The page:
Horizon Europe 2025-2027: Re-asserting the importance of fundamental research

Current discussions of the Horizon Europe Strategic Plan for 2025-2027 understandably focus on applications of science (so-called ‘pillar 2’, corresponding to “global challenges and European industrial competitiveness”). But in the process, short shrift is given to fundamental research (‘pillar 1’, corresponding to “excellent science”, funded by two programs: the European Research Council and Marie Skłodowska-Curie Actions). This ought to be corrected.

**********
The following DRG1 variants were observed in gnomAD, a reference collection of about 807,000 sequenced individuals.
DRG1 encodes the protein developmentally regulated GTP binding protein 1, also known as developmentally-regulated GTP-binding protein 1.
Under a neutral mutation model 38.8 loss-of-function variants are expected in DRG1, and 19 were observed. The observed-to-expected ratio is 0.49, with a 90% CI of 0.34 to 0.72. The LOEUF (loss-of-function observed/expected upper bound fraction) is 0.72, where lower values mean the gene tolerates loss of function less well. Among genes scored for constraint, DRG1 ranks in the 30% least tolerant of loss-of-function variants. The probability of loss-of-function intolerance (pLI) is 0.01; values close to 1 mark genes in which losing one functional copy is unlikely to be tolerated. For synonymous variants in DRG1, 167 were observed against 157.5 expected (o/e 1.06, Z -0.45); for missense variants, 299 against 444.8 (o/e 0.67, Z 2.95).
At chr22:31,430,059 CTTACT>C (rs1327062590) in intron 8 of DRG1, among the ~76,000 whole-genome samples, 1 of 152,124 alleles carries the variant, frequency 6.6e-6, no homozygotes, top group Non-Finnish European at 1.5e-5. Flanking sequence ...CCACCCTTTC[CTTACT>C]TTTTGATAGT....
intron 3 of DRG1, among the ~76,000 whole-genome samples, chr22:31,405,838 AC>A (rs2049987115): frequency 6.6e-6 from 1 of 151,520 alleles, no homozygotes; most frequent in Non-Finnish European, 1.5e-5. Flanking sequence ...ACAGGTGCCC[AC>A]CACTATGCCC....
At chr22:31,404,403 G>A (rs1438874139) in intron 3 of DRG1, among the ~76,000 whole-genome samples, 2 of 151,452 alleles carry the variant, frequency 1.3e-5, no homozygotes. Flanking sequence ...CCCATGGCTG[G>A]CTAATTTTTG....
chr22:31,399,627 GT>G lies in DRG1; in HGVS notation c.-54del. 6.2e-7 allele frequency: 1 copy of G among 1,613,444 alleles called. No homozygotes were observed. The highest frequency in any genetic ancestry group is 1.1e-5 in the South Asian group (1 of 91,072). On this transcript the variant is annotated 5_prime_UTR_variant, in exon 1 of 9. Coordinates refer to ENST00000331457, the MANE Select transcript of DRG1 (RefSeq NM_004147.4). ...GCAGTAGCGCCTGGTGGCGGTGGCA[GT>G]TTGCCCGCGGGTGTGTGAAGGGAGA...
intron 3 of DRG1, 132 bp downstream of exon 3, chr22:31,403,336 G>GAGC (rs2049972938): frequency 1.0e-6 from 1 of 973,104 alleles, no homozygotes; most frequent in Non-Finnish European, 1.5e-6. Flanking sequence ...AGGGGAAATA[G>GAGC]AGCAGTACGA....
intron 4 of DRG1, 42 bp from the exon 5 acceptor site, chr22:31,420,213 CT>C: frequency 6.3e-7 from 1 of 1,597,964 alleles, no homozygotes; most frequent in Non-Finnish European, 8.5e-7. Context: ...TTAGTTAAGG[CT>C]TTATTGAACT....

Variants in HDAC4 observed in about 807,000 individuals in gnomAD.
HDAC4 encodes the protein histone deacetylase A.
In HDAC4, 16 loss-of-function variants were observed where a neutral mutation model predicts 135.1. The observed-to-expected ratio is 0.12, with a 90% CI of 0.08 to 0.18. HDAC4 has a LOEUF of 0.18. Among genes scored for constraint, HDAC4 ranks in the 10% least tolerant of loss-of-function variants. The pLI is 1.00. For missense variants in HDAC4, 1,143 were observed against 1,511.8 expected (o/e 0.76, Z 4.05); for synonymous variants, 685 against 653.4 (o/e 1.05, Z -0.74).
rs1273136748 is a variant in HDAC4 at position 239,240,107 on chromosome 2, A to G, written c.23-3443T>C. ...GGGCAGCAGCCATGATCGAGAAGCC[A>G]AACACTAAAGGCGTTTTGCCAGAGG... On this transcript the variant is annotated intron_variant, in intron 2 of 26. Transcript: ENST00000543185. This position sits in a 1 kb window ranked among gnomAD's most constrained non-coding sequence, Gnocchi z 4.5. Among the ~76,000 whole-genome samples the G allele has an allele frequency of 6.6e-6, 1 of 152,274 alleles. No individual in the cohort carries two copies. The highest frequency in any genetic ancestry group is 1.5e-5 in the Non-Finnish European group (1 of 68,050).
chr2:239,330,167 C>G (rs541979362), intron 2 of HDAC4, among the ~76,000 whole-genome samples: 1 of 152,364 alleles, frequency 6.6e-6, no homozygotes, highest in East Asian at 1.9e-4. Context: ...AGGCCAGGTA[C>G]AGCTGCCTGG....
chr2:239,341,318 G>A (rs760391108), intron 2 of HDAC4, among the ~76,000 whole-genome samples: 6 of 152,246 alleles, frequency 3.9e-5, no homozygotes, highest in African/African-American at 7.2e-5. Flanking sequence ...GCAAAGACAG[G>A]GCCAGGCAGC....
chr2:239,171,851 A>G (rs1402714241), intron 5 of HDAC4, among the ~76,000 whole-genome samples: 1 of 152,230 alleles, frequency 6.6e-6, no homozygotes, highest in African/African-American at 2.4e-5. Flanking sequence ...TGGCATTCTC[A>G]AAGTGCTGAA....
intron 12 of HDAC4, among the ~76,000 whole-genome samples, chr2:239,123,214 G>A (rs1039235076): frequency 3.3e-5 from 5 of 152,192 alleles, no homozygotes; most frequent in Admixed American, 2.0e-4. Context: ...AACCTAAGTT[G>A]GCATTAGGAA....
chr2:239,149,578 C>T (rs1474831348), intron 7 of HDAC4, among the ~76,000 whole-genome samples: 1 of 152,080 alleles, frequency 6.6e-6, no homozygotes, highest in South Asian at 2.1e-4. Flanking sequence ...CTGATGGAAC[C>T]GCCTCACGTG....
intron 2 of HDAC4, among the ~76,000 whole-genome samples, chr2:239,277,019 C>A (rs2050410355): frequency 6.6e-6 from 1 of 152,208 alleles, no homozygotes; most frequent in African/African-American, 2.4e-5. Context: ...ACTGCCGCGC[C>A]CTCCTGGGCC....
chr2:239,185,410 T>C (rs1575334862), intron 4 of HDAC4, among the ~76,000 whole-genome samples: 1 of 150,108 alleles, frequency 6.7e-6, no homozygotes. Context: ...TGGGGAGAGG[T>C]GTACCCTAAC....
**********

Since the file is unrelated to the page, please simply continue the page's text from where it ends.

The European Union has created an attractive environment for excellent frontier research, most notably through the European Research Council (ERC), which has quickly established itself as a scientific landmark. The ERC is based on two simple principles: (i) bottom-up, researcher-driven proposals; and (ii) scientific excellence as the only criterion. While applications are economically and socially essential, reducing the importance of fundamental, curiosity-driven, bottom-up research would be a short-sighted mistake. This is not just because the pursuit of truth is the first mission of science. Fundamental research also forms the foundation of applied science, in two respects: by creating the new ideas and theoretical tools it can build on; and by creating an ecosystem that attracts the sharpest minds. While the EU has long recognized the importance of innovation and innovation culture, rather less attention has been paid to fundamental insights and basic scientific ideas, even though these are the basis of the innovations of the future.

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